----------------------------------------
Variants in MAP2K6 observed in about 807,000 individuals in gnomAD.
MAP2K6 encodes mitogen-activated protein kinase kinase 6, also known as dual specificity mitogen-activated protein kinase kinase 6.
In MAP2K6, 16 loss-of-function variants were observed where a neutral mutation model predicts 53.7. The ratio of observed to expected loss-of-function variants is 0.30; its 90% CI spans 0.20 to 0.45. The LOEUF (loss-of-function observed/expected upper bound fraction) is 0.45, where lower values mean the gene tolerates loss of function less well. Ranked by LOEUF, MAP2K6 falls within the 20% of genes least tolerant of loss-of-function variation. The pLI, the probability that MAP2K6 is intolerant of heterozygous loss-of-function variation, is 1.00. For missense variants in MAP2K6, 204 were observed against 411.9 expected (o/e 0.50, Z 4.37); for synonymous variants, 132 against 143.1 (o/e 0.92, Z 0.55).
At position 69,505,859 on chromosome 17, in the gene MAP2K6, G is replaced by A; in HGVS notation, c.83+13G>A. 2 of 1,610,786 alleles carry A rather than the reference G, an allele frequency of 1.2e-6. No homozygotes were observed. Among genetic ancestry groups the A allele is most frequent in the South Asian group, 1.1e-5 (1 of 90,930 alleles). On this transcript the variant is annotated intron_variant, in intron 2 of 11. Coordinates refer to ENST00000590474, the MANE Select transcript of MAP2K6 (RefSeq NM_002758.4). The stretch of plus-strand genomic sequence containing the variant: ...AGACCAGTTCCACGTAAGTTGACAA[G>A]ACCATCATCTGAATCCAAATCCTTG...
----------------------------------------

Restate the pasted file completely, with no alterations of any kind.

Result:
Variants in MAP2K6 observed in about 807,000 individuals in gnomAD.
MAP2K6 encodes mitogen-activated protein kinase kinase 6, also known as dual specificity mitogen-activated protein kinase kinase 6.
In MAP2K6, 16 loss-of-function variants were observed where a neutral mutation model predicts 53.7. The ratio of observed to expected loss-of-function variants is 0.30; its 90% CI spans 0.20 to 0.45. The LOEUF (loss-of-function observed/expected upper bound fraction) is 0.45, where lower values mean the gene tolerates loss of function less well. Ranked by LOEUF, MAP2K6 falls within the 20% of genes least tolerant of loss-of-function variation. The pLI, the probability that MAP2K6 is intolerant of heterozygous loss-of-function variation, is 1.00. For missense variants in MAP2K6, 204 were observed against 411.9 expected (o/e 0.50, Z 4.37); for synonymous variants, 132 against 143.1 (o/e 0.92, Z 0.55).
At position 69,505,859 on chromosome 17, in the gene MAP2K6, G is replaced by A; in HGVS notation, c.83+13G>A. 2 of 1,610,786 alleles carry A rather than the reference G, an allele frequency of 1.2e-6. No homozygotes were observed. Among genetic ancestry groups the A allele is most frequent in the South Asian group, 1.1e-5 (1 of 90,930 alleles). On this transcript the variant is annotated intron_variant, in intron 2 of 11. Coordinates refer to ENST00000590474, the MANE Select transcript of MAP2K6 (RefSeq NM_002758.4). The stretch of plus-strand genomic sequence containing the variant: ...AGACCAGTTCCACGTAAGTTGACAA[G>A]ACCATCATCTGAATCCAAATCCTTG...